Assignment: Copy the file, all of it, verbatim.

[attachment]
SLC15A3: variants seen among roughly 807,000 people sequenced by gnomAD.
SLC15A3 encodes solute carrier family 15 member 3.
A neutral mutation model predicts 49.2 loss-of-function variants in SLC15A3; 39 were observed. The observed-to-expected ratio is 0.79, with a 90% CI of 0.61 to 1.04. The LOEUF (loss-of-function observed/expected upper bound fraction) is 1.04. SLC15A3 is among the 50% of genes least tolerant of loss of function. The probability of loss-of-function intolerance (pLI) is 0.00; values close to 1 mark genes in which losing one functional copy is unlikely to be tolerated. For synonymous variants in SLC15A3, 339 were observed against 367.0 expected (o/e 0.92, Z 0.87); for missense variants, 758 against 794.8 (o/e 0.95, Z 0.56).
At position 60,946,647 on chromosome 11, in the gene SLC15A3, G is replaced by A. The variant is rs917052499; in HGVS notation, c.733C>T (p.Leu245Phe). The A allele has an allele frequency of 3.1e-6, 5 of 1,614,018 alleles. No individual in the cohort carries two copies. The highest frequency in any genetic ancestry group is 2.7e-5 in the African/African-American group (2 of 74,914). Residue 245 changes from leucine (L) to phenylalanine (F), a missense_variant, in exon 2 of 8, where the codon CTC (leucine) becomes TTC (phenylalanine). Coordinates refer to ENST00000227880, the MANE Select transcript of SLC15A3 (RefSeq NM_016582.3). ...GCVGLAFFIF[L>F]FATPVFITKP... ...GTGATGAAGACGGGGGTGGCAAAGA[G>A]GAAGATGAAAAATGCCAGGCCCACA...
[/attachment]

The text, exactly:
SLC15A3: variants seen among roughly 807,000 people sequenced by gnomAD.
SLC15A3 encodes solute carrier family 15 member 3.
A neutral mutation model predicts 49.2 loss-of-function variants in SLC15A3; 39 were observed. The observed-to-expected ratio is 0.79, with a 90% CI of 0.61 to 1.04. The LOEUF (loss-of-function observed/expected upper bound fraction) is 1.04. SLC15A3 is among the 50% of genes least tolerant of loss of function. The probability of loss-of-function intolerance (pLI) is 0.00; values close to 1 mark genes in which losing one functional copy is unlikely to be tolerated. For synonymous variants in SLC15A3, 339 were observed against 367.0 expected (o/e 0.92, Z 0.87); for missense variants, 758 against 794.8 (o/e 0.95, Z 0.56).
At position 60,946,647 on chromosome 11, in the gene SLC15A3, G is replaced by A. The variant is rs917052499; in HGVS notation, c.733C>T (p.Leu245Phe). The A allele has an allele frequency of 3.1e-6, 5 of 1,614,018 alleles. No individual in the cohort carries two copies. The highest frequency in any genetic ancestry group is 2.7e-5 in the African/African-American group (2 of 74,914). Residue 245 changes from leucine (L) to phenylalanine (F), a missense_variant, in exon 2 of 8, where the codon CTC (leucine) becomes TTC (phenylalanine). Coordinates refer to ENST00000227880, the MANE Select transcript of SLC15A3 (RefSeq NM_016582.3). ...GCVGLAFFIF[L>F]FATPVFITKP... ...GTGATGAAGACGGGGGTGGCAAAGA[G>A]GAAGATGAAAAATGCCAGGCCCACA...